FIA bans driver performance radio communications

ESPN Staff
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The FIA has banned communication between teams and their drivers relating to the performance of the car.

Open to interpretation

  • While this is a step in the right direction for F1 the devil lies in the detail and we will not know more until Singapore. While drivers should be the ones driving their cars the ambiguity of performance is surely going to initially cause problems for this change.
  • Even after the FIA clarifies what is and is not permitted, teams will quickly find a way around this new directive and devise codes for outlawed communications. After all, it will be in their best interests to do so. There is also an overlap between performance, safety and strategy which may well make the rule a difficult one to police - tyre and brake temperatures are examples of variables which cover all three.
  • F1 needs to be wary of creating a minefield with what is a welcome regulation change aimed at improving the product and perception of the sport this season and beyond.
  • Nate Saunders

As part of the push to improve the overall product the FIA has acted to ban communications which appear to make driving in F1 seem too easy. The title fight between Nico Rosberg and Lewis Hamilton this year has seen various examples of each driver being fed information about where the other is quicker in relation to their own lap times, something which is commonplace up and down the grid.

Radio messages can also advise drivers where to make changes to aid car performance but FIA race director Charlie Whiting has written to all teams to say these messages will be banned with immediate effect. The FIA is citing Article 20.1 of its Sporting Regulations which states: "The driver must drive the car alone and unaided."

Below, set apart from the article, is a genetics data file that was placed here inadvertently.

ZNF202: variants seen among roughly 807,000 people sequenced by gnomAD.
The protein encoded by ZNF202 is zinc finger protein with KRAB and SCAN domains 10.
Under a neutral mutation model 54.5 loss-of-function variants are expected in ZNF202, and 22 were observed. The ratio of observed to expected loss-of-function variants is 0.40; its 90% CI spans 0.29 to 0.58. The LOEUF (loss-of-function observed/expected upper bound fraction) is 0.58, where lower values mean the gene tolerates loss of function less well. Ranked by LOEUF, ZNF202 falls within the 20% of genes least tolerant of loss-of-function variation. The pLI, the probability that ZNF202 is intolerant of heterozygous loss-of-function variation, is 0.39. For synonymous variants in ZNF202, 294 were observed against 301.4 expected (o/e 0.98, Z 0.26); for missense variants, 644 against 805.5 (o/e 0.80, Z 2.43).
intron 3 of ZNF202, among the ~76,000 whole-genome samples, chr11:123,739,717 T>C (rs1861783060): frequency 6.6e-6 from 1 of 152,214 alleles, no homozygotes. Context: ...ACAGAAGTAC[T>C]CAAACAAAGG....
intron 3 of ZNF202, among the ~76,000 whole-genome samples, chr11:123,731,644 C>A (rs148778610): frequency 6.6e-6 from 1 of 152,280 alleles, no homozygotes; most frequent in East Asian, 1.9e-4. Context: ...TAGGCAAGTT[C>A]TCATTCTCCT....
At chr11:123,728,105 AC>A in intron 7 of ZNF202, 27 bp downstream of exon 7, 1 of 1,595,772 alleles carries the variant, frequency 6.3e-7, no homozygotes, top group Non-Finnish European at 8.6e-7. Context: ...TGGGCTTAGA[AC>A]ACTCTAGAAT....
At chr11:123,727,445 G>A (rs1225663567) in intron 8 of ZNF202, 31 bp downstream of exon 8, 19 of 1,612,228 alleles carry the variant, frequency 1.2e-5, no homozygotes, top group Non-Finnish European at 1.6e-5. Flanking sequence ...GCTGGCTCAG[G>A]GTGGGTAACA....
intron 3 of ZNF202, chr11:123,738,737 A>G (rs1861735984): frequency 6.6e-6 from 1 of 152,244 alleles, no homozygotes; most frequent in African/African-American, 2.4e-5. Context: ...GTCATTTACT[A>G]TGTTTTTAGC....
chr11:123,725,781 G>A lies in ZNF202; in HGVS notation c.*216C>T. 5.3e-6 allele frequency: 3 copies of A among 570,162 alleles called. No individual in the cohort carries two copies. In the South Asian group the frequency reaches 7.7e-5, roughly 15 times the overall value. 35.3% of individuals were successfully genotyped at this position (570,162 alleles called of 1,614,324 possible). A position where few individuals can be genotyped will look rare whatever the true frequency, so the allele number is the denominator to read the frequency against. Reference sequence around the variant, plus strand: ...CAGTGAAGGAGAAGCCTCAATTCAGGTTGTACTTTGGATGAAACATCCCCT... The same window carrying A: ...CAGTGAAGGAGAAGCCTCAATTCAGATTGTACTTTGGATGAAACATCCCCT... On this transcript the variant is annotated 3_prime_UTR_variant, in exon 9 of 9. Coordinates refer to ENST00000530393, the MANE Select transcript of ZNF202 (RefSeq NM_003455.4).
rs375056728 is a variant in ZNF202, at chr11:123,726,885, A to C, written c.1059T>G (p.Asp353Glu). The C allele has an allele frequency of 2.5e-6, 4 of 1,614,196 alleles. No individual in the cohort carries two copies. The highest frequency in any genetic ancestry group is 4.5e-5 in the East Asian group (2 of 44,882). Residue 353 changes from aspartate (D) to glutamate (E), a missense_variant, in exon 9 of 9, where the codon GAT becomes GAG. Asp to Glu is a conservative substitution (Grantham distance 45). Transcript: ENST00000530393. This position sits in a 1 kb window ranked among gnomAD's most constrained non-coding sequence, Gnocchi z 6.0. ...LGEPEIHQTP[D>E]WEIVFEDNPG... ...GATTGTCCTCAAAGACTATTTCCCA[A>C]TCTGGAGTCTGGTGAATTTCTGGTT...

The message from Whiting read: "In order to ensure that the requirements of Article 20.1 of the F1 sporting regulations are respected at all times FIA intends to rigorously enforce this regulation with immediate effect. Therefore, no radio conversation from pit to driver may include any information that is related to the performance of the car or driver."

This has been prompted due to fears the amount of communication between drivers and their race engineers during races makes it seem like drivers are 'puppets' behind the wheel. One example which gained attention this season was Rosberg asking his race engineer for "driving advice" in Germany - a request not limited to the German but a majority if not all of F1's drivers.

Teams will still have the freedom to advise drivers on pit-stop strategies and safety issues,, while the FIA should ensure dramatic radio conversations remain for TV purposes. The ban is expected to be discussed further in Singapore to clarify what is and is not permitted.

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